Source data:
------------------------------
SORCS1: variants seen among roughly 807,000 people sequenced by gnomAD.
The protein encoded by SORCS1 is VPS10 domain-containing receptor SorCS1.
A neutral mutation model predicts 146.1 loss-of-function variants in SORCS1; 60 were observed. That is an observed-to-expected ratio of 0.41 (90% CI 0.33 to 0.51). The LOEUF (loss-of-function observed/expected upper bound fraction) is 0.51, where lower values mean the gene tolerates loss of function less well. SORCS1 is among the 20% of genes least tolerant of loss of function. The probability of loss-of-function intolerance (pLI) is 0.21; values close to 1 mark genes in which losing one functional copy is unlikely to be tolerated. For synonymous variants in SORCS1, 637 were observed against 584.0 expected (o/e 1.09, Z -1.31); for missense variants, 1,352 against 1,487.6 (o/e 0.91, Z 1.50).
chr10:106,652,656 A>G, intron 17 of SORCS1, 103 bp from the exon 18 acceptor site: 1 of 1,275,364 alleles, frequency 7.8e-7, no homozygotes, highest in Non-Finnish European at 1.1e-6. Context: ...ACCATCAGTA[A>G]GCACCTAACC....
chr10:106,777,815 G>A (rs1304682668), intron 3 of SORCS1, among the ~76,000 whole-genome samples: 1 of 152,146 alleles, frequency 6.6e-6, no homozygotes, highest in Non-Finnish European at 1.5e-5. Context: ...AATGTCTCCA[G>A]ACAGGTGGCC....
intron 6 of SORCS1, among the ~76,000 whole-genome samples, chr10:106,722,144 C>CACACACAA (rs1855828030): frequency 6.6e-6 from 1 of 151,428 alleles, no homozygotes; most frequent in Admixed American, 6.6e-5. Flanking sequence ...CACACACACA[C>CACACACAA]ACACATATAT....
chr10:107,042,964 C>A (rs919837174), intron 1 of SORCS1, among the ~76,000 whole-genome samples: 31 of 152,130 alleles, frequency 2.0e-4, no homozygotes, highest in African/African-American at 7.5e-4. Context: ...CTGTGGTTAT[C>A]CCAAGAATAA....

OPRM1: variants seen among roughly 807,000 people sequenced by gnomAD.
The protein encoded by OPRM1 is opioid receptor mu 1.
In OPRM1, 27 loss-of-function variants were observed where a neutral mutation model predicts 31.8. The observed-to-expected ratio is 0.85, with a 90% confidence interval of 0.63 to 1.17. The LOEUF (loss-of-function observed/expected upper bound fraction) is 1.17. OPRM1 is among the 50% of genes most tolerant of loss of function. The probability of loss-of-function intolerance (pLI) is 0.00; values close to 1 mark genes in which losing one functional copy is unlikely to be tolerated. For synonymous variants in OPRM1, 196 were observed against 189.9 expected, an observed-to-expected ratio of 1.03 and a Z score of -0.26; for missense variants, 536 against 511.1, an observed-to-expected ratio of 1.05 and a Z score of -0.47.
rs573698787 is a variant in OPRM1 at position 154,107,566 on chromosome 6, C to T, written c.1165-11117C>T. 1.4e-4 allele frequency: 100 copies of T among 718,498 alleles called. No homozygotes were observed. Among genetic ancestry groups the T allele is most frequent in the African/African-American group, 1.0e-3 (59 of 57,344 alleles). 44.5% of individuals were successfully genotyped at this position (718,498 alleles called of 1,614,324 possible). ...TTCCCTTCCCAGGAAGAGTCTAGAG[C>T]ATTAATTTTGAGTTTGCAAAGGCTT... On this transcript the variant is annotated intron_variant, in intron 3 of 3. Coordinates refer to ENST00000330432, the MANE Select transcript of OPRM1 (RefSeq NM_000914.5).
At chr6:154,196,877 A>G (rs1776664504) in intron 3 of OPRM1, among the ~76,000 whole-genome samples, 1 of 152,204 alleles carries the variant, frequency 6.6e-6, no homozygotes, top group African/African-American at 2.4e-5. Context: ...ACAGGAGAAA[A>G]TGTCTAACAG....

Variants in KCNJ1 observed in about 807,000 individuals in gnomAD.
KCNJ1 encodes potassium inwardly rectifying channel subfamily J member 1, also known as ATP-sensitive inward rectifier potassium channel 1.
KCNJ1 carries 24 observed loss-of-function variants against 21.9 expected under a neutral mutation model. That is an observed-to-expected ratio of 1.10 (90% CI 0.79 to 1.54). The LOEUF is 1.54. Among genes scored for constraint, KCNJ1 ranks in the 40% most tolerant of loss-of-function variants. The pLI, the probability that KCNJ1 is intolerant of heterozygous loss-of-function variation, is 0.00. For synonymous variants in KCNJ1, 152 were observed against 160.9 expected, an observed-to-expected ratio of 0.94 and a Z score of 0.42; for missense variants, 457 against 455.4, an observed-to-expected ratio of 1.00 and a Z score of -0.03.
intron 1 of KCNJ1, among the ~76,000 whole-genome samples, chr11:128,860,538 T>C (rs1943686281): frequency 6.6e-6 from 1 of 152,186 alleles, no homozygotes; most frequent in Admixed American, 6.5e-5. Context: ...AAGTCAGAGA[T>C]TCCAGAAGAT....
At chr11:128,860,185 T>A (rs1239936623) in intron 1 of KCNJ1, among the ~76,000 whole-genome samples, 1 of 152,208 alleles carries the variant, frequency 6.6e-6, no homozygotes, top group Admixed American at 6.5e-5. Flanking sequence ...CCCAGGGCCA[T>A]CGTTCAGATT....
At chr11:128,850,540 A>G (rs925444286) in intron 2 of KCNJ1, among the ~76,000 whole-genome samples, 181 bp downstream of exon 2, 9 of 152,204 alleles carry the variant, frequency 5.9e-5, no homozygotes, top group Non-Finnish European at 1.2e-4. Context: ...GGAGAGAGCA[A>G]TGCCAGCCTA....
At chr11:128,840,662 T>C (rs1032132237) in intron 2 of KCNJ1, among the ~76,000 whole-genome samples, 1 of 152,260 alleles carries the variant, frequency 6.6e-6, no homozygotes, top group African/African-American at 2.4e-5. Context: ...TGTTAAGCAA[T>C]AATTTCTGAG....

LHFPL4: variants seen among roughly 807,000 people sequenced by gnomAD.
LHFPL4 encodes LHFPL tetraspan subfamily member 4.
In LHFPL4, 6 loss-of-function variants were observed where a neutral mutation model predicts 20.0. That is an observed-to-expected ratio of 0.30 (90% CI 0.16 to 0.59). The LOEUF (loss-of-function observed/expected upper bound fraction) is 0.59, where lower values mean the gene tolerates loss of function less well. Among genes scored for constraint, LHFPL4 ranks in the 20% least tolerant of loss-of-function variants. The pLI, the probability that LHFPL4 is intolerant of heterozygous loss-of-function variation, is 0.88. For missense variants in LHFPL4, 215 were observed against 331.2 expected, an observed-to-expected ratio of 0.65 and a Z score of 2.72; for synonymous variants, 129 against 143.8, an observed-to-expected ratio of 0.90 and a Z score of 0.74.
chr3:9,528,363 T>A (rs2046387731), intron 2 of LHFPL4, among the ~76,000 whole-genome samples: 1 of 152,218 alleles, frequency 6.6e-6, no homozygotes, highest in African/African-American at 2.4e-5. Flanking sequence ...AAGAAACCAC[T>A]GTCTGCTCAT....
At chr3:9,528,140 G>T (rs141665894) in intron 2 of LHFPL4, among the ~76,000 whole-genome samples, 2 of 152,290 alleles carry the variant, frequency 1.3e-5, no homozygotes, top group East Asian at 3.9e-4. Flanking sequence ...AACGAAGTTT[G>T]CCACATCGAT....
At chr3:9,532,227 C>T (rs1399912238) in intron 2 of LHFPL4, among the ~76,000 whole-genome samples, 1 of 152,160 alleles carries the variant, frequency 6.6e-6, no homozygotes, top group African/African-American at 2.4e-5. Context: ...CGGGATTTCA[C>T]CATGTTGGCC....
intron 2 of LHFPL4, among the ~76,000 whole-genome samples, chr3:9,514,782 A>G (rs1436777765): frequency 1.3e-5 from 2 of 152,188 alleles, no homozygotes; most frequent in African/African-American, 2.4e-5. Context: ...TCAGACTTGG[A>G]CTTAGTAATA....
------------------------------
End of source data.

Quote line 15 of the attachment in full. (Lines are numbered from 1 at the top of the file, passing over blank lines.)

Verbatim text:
KCNJ1 carries 24 observed loss-of-function variants against 21.9 expected under a neutral mutation model. That is an observed-to-expected ratio of 1.10 (90% CI 0.79 to 1.54). The LOEUF is 1.54. Among genes scored for constraint, KCNJ1 ranks in the 40% most tolerant of loss-of-function variants. The pLI, the probability that KCNJ1 is intolerant of heterozygous loss-of-function variation, is 0.00. For synonymous variants in KCNJ1, 152 were observed against 160.9 expected, an observed-to-expected ratio of 0.94 and a Z score of 0.42; for missense variants, 457 against 455.4, an observed-to-expected ratio of 1.00 and a Z score of -0.03.